Before Yukon dumps get renewed permission to burn garbage, they need to figure out how not to burn garbage, says the Yukon Conservation Society.
Emission permits for 19 community garbage dumps are before Yukon Environmental and Socio-economic Assessment Board for re-approval in 2009.
Burn facilities exist at community dumps primarily for the use of community services contractors to burn off organic waste, said Anne Middler, energy policy co-ordinator at the Yukon Conservation Society.
However, a lack of convenient diversion programs are forcing the burn facilities into overuse — and are causing dump users to burn hazardous materials that would otherwise be recyclable.
The Whitehorse landfill has not burned garbage since 1992.
“Due to the unstaffed nature of these dumps, all sorts of material is ending up in the burn vessels, such as plastics and potential hazardous wastes,” wrote Lewis Rifkind, in a letter to YESAB on behalf of Raven Recycling.
“While every effort is made to inform the public that they should not put certain items in the burn vessels (such as oil, batteries and aerosol cans) a certain percentage do end up in the container and get burnt … releasing potential toxins and poisons into the atmosphere,” he wrote.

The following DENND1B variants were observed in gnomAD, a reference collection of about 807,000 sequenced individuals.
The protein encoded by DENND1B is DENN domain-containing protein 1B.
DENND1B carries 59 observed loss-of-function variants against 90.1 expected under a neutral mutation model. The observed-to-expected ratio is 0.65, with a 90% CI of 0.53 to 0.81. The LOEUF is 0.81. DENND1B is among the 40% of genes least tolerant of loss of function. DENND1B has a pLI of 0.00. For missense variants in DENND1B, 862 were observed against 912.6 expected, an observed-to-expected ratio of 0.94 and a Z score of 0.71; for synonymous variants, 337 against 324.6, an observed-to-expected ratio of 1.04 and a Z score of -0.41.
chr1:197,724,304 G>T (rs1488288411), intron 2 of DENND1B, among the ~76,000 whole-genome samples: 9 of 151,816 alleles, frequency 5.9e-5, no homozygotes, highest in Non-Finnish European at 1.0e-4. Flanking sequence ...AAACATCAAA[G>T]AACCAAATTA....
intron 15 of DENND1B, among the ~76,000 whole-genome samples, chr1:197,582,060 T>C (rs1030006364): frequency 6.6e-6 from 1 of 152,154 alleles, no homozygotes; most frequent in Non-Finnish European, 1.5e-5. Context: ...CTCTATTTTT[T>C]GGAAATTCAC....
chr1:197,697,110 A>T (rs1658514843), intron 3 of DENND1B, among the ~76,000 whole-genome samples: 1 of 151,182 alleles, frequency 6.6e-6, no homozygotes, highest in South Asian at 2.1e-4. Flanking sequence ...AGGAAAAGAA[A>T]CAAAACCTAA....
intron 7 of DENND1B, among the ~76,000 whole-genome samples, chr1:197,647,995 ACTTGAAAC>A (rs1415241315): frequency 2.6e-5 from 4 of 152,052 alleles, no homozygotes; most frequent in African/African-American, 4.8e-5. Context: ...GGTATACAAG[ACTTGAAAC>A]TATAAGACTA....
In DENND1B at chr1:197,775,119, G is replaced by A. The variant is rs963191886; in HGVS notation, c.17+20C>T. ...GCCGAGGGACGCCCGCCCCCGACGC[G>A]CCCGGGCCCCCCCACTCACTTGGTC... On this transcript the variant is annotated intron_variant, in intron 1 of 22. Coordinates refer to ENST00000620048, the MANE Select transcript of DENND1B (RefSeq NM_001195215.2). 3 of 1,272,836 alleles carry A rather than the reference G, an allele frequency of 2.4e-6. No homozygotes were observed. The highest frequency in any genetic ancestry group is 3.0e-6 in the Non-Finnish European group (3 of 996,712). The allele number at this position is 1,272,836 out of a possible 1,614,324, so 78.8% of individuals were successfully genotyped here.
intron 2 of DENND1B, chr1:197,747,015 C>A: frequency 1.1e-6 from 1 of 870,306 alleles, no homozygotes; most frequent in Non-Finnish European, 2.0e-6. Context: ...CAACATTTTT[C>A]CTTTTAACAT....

All community dumps have an onsite “burning vessel,” except for Carcross, which uses an open trench.
The burning vessels are not incinerators — they are converted underground fuel tanks equipped with chimneys.
In operating plans prepared for the 19 dumps by the Yukon government, the air quality was listed as “moderate” and was noted as a potential public health concern.
Garbage should be burned hotter, to reduce exhaust, and users should be better informed of burn policy, recommended the plans.
A full ban is needed, asserts the conservation society.
Emission permits should be renewed by Yukon Environmental and Socio-economic Assessment Board — but with the understanding that burn facilities be phased out by 2011.
The burning of hazardous materials can aggravate the existing respiratory problems of people within the community — such as those with asthma and chronic emphysema, said Brendan Hanley, the Yukon’s medical officer of health.
However, if the smoke is “noxious enough,” it could lead to adverse effects on anybody, regardless of prior condition, he said.
“If you’re just burning anything right next to a community, then I think there could be legitimate concerns about how well that’s regulated and who’s burning what,” said Hanley.
“It’s not just an issue for people that are inundated with this toxic pollution, it’s the health of our ecosystem — all Yukoners should care about this,” said Middler.
The Yukon Department of Community Services could not be reached for comment. (Tristin Hopper)